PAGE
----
Public SafetyOral Questions

2:35 p.m.

Conservative

Tony Clement Conservative Parry Sound—Muskoka, ON

Mr. Speaker, over the weekend, more asylum seekers entered Canada illegally in places like Emerson, Manitoba and Hemmingford, Quebec. The municipality of Emerson has now formally requested that the government provide more resources for border security and public safety.

Will the government answer the calls for help from communities like Emerson? Will it develop a plan to enforce and if necessary strengthen our laws to stop illegal border crossings?

Public SafetyOral Questions

2:35 p.m.

Regina—Wascana Saskatchewan

Liberal

Ralph Goodale LiberalMinister of Public Safety and Emergency Preparedness

Mr. Speaker, I am sure we all share a common interest in ensuring the integrity of Canada's borders and the enforcement of Canadian laws. Indeed, the RCMP, the CBSA, as well as the immigration department are working seamlessly and relentlessly together on those two objectives, ensuring the integrity of Canadian borders and the enforcement of Canadian laws. If the CBSA or the RCMP are to advise us that they need further resources in order for them to do that job effectively, we will listen very carefully to their advice.

Public SafetyOral Questions

2:35 p.m.

Conservative

Tony Clement Conservative Parry Sound—Muskoka, ON

Mr. Speaker, we know that Canada has a fair and generous immigration system. We welcome tens of thousands of new Canadians every year.

However, the increasing number of asylum seekers who are entering the country illegally through Manitoba and Quebec is worrisome. Those who are seeking refuge should do so through the appropriate channels.

Will the government enforce and strengthen our laws as needed to stop illegal and dangerous border crossings?

Public SafetyOral Questions

February 21st, 2017 / 2:35 p.m.

Regina—Wascana Saskatchewan

Liberal

Ralph Goodale LiberalMinister of Public Safety and Emergency Preparedness

Mr. Speaker, let me be absolutely clear that the laws of Canada are indeed being enforced. They are being enforced by the CBSA within its jurisdiction at points of entry, and they are being enforced by the RCMP between the points of entry in co-operation with local police authorities. Both of those agencies will ensure the integrity of Canada's immigration system and the integrity of our borders.

Let me make the particular point of congratulating and thanking the people of Emerson, the people of Lacolle, and others across the country who have shown such generosity and goodwill in dealing with this situation.

Public SafetyOral Questions

2:40 p.m.

Conservative

Candice Bergen Conservative Portage—Lisgar, MB

Mr. Speaker, those are very good words, but people in Manitoba in these border communities are asking the federal government to provide help to deal with this influx of illegal people coming across the border. These are community resources and many times they are actually volunteer first responders. People running across farmers' fields illegally cannot continue. It is not safe for the people who are running across the fields; it is not safe for the community. What is the government going to do to provide support to the communities and to stop this illegal activity?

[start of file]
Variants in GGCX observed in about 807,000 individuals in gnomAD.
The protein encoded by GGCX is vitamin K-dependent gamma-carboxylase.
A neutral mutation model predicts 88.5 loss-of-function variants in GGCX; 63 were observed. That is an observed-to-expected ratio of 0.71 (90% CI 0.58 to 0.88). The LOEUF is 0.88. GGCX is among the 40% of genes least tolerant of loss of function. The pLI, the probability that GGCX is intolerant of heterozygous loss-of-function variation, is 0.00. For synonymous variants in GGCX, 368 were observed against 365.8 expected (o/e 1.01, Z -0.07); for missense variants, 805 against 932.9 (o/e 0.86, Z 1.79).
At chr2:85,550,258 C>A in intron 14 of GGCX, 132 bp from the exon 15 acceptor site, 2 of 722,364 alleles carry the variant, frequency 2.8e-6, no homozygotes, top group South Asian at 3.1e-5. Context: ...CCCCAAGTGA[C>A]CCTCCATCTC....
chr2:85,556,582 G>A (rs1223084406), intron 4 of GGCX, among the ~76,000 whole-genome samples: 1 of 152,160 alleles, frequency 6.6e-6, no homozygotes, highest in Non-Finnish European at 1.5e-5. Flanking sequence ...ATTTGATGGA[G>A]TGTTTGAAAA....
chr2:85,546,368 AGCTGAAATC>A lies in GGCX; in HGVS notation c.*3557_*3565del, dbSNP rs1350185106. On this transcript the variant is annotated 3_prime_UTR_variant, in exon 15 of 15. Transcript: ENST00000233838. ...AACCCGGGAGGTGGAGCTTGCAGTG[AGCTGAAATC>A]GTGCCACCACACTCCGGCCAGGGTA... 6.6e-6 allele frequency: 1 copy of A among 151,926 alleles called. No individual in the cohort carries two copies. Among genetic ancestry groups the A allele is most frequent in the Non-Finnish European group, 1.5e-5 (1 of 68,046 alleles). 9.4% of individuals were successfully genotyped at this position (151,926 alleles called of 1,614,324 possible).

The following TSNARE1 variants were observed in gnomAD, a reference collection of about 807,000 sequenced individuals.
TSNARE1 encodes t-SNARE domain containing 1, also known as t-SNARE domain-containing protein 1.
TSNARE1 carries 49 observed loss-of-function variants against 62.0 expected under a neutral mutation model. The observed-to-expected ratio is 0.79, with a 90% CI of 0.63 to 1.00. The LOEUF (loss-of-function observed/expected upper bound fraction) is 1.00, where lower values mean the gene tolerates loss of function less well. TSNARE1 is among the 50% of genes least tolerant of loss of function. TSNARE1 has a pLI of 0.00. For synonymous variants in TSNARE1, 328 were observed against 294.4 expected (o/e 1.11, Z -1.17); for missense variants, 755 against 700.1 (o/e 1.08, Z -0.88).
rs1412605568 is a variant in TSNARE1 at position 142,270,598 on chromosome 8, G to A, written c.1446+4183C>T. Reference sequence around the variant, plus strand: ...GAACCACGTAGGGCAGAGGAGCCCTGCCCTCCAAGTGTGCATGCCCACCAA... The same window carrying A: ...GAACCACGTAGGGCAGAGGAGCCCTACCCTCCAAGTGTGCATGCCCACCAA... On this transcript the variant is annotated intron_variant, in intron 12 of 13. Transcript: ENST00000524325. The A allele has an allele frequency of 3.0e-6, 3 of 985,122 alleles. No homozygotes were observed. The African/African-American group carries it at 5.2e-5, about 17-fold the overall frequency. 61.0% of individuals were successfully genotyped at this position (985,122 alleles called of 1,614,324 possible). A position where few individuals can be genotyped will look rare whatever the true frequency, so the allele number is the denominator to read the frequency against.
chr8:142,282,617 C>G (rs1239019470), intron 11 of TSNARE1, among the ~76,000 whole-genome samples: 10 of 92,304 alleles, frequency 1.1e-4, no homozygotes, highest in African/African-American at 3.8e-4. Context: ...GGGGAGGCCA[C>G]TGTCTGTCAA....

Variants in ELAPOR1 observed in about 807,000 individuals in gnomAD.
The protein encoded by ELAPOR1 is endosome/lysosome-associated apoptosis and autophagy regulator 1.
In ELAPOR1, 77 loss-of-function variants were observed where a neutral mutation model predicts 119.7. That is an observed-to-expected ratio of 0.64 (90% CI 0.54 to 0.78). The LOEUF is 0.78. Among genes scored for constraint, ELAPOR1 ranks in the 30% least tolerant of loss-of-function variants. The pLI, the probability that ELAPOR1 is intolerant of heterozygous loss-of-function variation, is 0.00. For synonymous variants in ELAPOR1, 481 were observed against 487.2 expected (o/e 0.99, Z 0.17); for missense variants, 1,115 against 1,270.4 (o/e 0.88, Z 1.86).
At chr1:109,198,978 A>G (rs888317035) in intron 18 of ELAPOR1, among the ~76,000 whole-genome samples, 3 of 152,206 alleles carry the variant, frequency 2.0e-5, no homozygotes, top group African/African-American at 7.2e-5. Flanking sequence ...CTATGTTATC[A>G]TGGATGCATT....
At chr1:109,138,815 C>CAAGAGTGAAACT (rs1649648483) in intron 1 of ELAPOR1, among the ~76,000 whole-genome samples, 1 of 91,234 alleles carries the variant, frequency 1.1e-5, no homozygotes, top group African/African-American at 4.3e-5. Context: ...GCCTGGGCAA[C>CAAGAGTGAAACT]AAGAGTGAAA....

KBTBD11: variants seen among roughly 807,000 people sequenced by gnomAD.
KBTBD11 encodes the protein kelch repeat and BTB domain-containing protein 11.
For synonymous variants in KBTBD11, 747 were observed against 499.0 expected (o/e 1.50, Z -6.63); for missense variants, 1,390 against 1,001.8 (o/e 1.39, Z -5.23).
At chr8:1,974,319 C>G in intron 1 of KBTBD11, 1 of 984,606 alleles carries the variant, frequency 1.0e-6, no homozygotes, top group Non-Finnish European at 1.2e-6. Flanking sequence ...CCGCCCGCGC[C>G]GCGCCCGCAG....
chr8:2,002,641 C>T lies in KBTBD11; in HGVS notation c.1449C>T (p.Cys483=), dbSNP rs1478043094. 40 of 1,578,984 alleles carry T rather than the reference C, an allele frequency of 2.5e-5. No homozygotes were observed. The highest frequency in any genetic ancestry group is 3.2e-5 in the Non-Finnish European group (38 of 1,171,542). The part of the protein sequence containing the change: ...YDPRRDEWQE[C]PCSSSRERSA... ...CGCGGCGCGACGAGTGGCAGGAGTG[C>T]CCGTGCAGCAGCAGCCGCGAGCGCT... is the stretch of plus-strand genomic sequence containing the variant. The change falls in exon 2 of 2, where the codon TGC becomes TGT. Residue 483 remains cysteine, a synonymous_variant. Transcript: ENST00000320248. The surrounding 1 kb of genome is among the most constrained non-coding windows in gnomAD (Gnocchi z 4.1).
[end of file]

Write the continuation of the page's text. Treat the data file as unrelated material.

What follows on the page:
Public SafetyOral Questions

2:40 p.m.

Regina—Wascana Saskatchewan

Liberal

Ralph Goodale LiberalMinister of Public Safety and Emergency Preparedness

Mr. Speaker, the CBSA and the RCMP are constantly scrutinizing the situation. They have already made some adjustments within their internal resources to ensure that they have the personnel and the tools in place to enforce Canadian laws, to keep Canadians safe, and to attend to the safety of the asylum seekers as well. One thing we will not do is what the previous government did in eliminating the health benefits available to asylum seekers and making the condition of vulnerable people even more vulnerable.

Public SafetyOral Questions

2:40 p.m.

Conservative

Ted Falk Conservative Provencher, MB

Mr. Speaker, over the past several days, 35 migrants have illegally crossed the border from the United States into Canada near Emerson, Manitoba in my riding of Provencher. The residents of Emerson have been doing everything they can to assist the migrants and the authorities in dealing with this influx. However, the Minister of Public Safety has been missing in action and needs to assure Canadians that our borders are secure. Can the minister explain to the people of Emerson what action he is taking to restore and maintain the integrity of our borders?

Public SafetyOral Questions

2:40 p.m.

Regina—Wascana Saskatchewan

Liberal

Ralph Goodale LiberalMinister of Public Safety and Emergency Preparedness

Mr. Speaker, may I repeat, first of all, the thanks and congratulations to the hon. gentleman's constituents for the manner in which they have responded to this situation. As Commissioner Paulson told the hon. member earlier today, the RCMP, the CBSA, the IRCC, and other Canadian agencies are working seamlessly and relentlessly together to achieve the objectives of border integrity and public safety. If they require more resources to do that, they will certainly let us know.